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Justice News

Department of Justice
U.S. Attorney’s Office
Northern District of Georgia

Tuesday, January 17, 2017

Fayetteville Man Sentenced to 10 Years for Arranging to have sex with a Minor

ATLANTA - John Katz has been sentenced to 10 years in prison for communicating with a minor on the Internet for the purpose of engaging in illegal sexual activity with her. Katz drove more than 30 miles to meet the minor and was arrested when he showed up at a pre-arranged site to meet her for sex.


“This case shines a light on some of the darkest corners of the Internet, where predators troll for the opportunity to victimize children,” said U. S. Attorney John Horn. “This was not Katz’s first attempt to reach out from the Internet to actually have sexual contact with a minor. This case prevents him from further attempts to make the Internet a dangerous place for children.”


“Identifying and stopping the sexual abuse of underage victims is one of this agency’s highest investigative priorities,” said Special Agent in Charge of ICE Homeland Security Investigations Atlanta Nick Annan. “Underage children cannot consent to sexual activity -- period. This sentencing clearly illustrates that anyone who seeks out sex with an underage person can and will face serious criminal charges and an extensive period of time behind bars.”


“This conviction illustrates the great work of law enforcement to investigate and prosecute crimes against children. The Georgia Bureau of Investigation is committed to working with our local, state, and federal partners to combat the epidemic of child sexual exploitation and abuse cases,” said Vernon Keenan, Director, Georgia Bureau of Investigation.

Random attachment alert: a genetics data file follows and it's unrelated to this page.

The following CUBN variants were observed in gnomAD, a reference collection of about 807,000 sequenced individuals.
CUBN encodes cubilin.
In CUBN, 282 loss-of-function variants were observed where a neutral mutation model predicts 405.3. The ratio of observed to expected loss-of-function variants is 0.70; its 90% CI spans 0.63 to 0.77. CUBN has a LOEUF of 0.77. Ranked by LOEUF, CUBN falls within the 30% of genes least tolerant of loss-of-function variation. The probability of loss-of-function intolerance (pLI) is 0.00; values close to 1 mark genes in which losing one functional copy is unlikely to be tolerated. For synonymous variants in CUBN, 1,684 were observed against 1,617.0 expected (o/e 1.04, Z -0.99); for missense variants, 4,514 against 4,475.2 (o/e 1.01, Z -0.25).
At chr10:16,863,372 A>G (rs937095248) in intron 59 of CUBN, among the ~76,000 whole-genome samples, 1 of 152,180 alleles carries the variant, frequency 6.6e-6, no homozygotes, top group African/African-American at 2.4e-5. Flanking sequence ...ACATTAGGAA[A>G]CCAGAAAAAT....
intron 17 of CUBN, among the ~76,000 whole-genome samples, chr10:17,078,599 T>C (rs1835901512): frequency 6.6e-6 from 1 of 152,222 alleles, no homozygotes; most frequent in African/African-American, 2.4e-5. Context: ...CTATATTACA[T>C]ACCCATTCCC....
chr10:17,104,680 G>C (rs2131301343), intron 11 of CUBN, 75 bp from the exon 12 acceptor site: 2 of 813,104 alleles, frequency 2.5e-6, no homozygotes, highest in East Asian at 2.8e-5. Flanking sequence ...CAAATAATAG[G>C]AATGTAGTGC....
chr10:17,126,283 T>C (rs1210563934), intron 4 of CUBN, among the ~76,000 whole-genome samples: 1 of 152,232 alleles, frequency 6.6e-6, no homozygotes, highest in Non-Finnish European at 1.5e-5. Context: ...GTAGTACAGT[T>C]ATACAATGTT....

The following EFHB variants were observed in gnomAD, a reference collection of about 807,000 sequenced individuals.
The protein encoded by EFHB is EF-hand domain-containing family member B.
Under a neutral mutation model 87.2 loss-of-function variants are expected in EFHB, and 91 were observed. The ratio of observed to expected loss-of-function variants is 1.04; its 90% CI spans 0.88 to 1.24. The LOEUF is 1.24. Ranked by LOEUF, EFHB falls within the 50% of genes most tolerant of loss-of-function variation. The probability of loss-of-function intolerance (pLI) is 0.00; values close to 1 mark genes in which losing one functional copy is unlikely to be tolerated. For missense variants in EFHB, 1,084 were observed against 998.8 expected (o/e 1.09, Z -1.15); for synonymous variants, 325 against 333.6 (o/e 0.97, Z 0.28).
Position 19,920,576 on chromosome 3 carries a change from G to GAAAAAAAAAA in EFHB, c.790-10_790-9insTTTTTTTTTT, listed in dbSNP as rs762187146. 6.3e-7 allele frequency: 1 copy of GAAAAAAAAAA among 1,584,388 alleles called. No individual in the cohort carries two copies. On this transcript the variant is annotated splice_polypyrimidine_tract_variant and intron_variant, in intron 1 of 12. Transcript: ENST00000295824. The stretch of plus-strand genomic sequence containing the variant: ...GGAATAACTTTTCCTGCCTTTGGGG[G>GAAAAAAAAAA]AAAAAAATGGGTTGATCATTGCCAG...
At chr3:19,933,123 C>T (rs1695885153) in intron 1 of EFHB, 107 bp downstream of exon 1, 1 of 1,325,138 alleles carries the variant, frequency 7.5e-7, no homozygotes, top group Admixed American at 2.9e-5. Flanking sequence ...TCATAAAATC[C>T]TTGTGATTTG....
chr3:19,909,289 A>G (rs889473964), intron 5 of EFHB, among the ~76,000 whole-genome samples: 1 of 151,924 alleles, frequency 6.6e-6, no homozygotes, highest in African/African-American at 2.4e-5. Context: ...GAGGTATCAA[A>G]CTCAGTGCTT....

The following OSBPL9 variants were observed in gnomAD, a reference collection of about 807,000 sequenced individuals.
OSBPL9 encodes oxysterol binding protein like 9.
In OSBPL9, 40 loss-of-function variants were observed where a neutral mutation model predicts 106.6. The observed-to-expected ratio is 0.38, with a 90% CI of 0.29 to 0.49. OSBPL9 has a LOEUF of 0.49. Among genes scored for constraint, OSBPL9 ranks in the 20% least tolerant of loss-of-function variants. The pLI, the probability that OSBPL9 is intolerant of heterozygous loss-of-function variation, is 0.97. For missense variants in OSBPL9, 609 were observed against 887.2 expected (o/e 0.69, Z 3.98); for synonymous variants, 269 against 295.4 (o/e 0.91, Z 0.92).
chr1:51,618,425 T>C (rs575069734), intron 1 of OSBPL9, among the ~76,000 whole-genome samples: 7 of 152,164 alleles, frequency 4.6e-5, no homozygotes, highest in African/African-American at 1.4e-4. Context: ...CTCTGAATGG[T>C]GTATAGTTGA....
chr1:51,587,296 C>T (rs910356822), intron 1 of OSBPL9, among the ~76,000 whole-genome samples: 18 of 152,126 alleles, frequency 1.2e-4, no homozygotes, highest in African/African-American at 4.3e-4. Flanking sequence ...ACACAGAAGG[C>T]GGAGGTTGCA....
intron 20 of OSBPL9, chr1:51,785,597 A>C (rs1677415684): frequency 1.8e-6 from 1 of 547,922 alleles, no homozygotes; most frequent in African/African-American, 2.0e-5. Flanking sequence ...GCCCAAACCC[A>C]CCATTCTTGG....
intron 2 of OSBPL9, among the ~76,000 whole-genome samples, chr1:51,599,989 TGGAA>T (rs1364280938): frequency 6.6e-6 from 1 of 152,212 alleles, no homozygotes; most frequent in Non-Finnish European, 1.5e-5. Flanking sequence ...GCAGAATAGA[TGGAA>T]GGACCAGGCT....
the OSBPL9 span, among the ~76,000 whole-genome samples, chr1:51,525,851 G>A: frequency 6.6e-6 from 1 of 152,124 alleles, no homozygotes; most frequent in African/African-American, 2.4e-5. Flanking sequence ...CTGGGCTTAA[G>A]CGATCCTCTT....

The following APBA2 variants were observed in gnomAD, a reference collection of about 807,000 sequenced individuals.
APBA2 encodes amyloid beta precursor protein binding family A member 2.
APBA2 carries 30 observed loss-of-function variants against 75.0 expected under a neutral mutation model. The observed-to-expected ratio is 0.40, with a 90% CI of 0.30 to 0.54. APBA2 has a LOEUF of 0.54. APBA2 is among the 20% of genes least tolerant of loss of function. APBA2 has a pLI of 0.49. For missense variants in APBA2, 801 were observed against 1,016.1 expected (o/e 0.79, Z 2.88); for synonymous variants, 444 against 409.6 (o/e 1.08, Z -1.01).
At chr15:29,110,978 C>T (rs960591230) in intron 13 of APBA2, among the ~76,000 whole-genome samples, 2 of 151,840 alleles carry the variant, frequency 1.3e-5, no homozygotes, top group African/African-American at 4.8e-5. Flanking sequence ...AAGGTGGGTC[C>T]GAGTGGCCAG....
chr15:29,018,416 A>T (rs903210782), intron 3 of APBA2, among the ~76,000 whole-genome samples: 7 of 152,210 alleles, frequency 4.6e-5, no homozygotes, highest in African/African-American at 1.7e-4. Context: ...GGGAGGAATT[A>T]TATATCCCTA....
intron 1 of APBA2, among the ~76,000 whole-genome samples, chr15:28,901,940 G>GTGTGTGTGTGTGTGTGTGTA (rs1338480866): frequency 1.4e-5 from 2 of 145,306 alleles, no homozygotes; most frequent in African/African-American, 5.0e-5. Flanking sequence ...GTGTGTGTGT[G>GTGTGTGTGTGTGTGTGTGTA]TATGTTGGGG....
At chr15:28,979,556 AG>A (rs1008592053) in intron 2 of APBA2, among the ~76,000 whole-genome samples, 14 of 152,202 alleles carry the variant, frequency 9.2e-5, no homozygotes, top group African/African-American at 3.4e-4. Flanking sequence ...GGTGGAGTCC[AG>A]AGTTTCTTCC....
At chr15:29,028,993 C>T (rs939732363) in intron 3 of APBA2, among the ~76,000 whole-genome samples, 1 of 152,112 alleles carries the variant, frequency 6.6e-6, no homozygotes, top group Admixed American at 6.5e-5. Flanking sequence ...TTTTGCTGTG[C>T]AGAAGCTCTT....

According to U.S. Attorney Horn, the charges and other information presented in court: In February 2014, Katz posted an ad on Craigslist that was titled “Daddy looking for teenage slut.” In the ad, Katz expressed his interest in finding a young girl to act out his sexual fantasies. An agent with the Georgia Bureau of Investigation (GBI) posed as a 15-year-old girl and responded to his ad. She wrote that she was “too young” for him but just wanted “to say hey!” Katz continued communicating with the girl and was graphic in his descriptions of the sex acts that he wanted to have with her.


At the same time, Katz was also communicating over the Internet with a 14-year-old girl and was trying to make arrangements to meet with her for the purpose of having sex with her. This 14-year-old girl in reality was another GBI agent acting in an undercover capacity.


On February 28, 2014, Katz drove from his home in Fayetteville to Lithonia, Georgia, to meet the 15-year-old girl. He was arrested when he showed up at a pre-arranged site. Additionally, he had condoms and a number of sex toys with him. After his arrest, he admitted that several years earlier he had actually had sex with a 15-year-old girl when he lived in Ohio and that he knew her age at the time they met.


John Katz, 32, of Fayetteville, Georgia, was sentenced to 10 years in prison to be followed by eight years of supervised release. Katz was convicted of these charges on November 3, 2016, after he pleaded guilty.


This case was investigated by the Georgia Bureau of Investigation and U.S. Immigration and Customs Enforcement’s Homeland Security Investigations.


Assistant United States Attorney Paul R. Jones prosecuted the case.


This case is being brought as part of Project Safe Childhood. In February 2006, the Attorney General launched Project Safe Childhood, a nationwide initiative designed to protect children from online exploitation and abuse. Led by the United States Attorney’s Offices around the country, Project Safe Childhood marshals federal, state and local resources to apprehend and prosecute individuals who exploit children. For more information about Project Safe Childhood, please visit


For further information please contact the U.S. Attorney’s Public Affairs Office at or (404) 581-6016. The Internet address for the U.S. Attorney’s Office for the Northern District of Georgia is

Project Safe Childhood
Updated January 17, 2017